About response header and request header condition

Michael Alger varnish at mm.quex.org
Thu Feb 23 08:22:20 CET 2012

On Thu, Feb 23, 2012 at 03:29:42PM +0900, Jewel Nuruddin wrote:
> in my VCL configuration
> sub vcl_recv {
> ### pass if http hearder response is "SMARTPHONE:1"
>           if (req.http.SMARTPHONE ~ "1") {
>                 return (pass);
>                 }
> }
> in my page I set the above header response so if the responses match it
> will not cache
> but it always cache? can some one help me why ?

The "req" object refers to the headers sent in the client request.
It's unlikely the browser on any device sends a header named
"SMARTPHONE", so that's the reason it won't be matching.

> One more question, can varnish identified for caching or not caching both
> in http header "response" and "request"?

Yes it can. The response object is generally called "beresp". However
you can't access it in vcl_recv, since vcl_recv is called when the
client request is initially received - there hasn't been a response
from the backend at this point. vcl_recv is used to rewrite the
request and tell Varnish whether it should try to look up the object
in cache or go direct to the server, as well as selecting which
backend to use. When you return (lookup) you instruct Varnish to look
the object up in its cache, and if it fails to try to fetch it from
the backend.

You'll therefore want to make your determination as to whether or not
to cache the response in vcl_fetch, which is called immediately after
Varnish has fetched an object from the backend server. From here you
can access the "beresp" object and decide whether or not you want to
cache the response based on any attribute of it, including the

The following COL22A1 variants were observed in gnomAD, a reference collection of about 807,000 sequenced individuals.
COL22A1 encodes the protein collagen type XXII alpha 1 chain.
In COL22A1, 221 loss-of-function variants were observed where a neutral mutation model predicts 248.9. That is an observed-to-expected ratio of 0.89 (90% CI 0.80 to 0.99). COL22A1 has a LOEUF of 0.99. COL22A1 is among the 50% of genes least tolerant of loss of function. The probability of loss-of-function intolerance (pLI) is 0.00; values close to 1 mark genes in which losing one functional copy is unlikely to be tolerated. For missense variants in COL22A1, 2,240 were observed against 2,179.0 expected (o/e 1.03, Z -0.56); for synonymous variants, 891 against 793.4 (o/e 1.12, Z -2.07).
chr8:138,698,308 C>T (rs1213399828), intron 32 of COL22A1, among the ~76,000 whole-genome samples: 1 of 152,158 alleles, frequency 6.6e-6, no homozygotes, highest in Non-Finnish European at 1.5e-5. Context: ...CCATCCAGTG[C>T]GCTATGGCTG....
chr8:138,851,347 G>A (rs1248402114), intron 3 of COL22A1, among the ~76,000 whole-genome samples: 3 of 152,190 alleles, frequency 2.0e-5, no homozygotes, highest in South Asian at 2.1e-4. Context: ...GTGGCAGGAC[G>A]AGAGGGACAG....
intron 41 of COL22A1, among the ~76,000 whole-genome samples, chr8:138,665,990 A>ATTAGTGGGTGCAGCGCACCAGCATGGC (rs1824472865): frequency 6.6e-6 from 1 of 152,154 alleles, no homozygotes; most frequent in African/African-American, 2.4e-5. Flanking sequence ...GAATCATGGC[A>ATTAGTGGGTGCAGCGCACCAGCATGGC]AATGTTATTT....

response HTTP headers.


It will still be possible for smartphones to have a page served to
them from the cache. For example if the index page of www.example.com
returns different content based on the user-agent, if a regular
(non-smartphone) browser accesses the site, Varnish will cache the
response. If a phone then requests it, Varnish will just serve the
previously generated response from its cache. This is because you
haven't told Varnish that requests from "smartphones" need to be
treated differently - only that responses sent to a device the backend
identified as a smartphone should not be cached.

If you're able to, I'd suggest moving whatever logic the backend uses
to determine if a device is a smartphone out of the backend and into
Varnish, using VCL if possible. This way, Varnish can determine what
it's supposed to do with the request, serving everything it can from
cache and only going to the backend if it really needs to.

If the determination can _only_ happen on the backend, then you're
going to be forced to send every request that might _possibly_ be from
a smartphone or other "special" device back to the backend, largely
negating the benefits of having Varnish in the first place.

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